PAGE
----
Jun 19, 2024

Census data show that over 40 percent of Filipinos surveyed in 2021 hold a bachelor’s degree or higher.

March 1, 2023 - Statistics Canada (StatsCan)confirmed that over 40 percent of Filipinos in Canada holds a bachelor’s degree or higher but are underrepresented in occupations that require a bachelor’s degree, adding that a large part of this group is likely to have studied nursing.

This is in stark contrast to the greater Southeast Asian group, of which Filipinos also belong, who had lower levels of education.Over a fifth of Southeast Asians had neither a high school diploma nor a post-secondary credential, a larger share than any other racialized group.

The report released in January provided a snapshot of educational attainment and occupational outcomes among racialized populations in 2021. It showed that over 40 percent of Asian populations hold a bachelor’s degree or higher, well above the national average of 32.9 percent. 

StatsCan also acknowledged that immigrants with foreign degrees face above-average rates of overqualification. An example of this is a Filipino immigrant who holds a nursing degree from the Philippines but works as a caregiver in Canada.

A section of the said report stressed that not only were Filipinos underrepresented in occupations requiring a minimum educational attainment of a bachelor’s degree, but they were also underrepresented to a much greater extent than other racialized groups. It notes that a factor in overqualification and job mismatch could be that over a third of Filipinas immigrated as principal applicants through Canada’s caregiver program and were recruited to work in personal care occupations instead of as registered nurses in the health care system.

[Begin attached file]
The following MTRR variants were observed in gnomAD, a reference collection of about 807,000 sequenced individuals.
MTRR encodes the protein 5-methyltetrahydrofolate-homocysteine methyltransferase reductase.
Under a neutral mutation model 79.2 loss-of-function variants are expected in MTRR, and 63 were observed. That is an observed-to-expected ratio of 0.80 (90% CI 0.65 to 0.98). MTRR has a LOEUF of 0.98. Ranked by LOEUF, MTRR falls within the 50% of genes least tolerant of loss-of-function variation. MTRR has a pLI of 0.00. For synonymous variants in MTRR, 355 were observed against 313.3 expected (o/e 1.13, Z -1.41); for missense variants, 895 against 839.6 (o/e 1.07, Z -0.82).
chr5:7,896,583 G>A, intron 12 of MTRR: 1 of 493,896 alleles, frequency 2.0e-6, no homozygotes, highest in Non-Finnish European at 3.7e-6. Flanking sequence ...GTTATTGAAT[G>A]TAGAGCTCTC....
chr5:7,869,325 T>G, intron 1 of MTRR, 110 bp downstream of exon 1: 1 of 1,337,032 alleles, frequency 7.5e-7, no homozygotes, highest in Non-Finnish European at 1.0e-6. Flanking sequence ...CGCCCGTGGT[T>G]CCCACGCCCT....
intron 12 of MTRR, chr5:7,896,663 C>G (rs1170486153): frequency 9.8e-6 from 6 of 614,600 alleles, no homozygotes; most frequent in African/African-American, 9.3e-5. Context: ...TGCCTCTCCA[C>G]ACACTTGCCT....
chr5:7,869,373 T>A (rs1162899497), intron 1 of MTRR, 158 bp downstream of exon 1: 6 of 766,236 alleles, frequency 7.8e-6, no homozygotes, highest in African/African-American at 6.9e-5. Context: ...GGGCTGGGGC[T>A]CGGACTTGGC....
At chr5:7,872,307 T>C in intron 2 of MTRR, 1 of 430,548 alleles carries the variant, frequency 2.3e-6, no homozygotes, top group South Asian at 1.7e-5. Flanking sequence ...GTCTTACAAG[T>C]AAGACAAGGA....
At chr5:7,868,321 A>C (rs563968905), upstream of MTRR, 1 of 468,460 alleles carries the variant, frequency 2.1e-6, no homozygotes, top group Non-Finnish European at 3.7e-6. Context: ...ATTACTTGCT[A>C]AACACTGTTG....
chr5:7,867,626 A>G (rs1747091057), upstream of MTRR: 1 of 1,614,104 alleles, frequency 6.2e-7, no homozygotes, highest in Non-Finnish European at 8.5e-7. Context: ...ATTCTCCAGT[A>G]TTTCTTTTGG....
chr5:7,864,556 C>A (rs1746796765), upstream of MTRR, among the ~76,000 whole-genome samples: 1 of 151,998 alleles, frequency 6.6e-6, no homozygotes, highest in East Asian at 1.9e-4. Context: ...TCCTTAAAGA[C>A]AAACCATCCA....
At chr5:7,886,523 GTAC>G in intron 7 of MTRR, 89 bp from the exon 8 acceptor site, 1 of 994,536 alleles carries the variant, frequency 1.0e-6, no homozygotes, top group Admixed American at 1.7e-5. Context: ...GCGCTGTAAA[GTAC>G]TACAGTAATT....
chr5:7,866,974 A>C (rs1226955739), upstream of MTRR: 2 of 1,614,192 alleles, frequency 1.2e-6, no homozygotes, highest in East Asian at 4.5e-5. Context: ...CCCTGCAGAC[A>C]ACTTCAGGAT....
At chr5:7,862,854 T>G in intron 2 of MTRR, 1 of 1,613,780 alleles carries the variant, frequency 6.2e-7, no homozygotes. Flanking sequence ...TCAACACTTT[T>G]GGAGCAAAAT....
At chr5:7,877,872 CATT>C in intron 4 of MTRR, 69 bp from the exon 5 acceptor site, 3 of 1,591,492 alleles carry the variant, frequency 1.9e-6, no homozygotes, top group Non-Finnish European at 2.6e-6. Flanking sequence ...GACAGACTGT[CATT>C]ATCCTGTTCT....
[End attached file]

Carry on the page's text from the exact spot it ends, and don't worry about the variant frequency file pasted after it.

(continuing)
About the Author
Rachel Ramos-Reid started writing for magazines and newspapers when she was still a junior at the University of the Philippines’ Communication degree program majoring in Journalism. She continued to write in a public relations/corporate communications capacity in various private and government offices until moving out of the country in 1997 to work as Programme Officer for the arts and culture branch of the Southeast Asian Ministers of Education Organization (SEAMEO-SPAFA) in Bangkok, Thailand. At the end of her term, Rachel found herself immigrating to Canada in the year 2000 and again searching for new beginnings. Currently she is the Executive Assistant to a small rural college on Vancouver Island.

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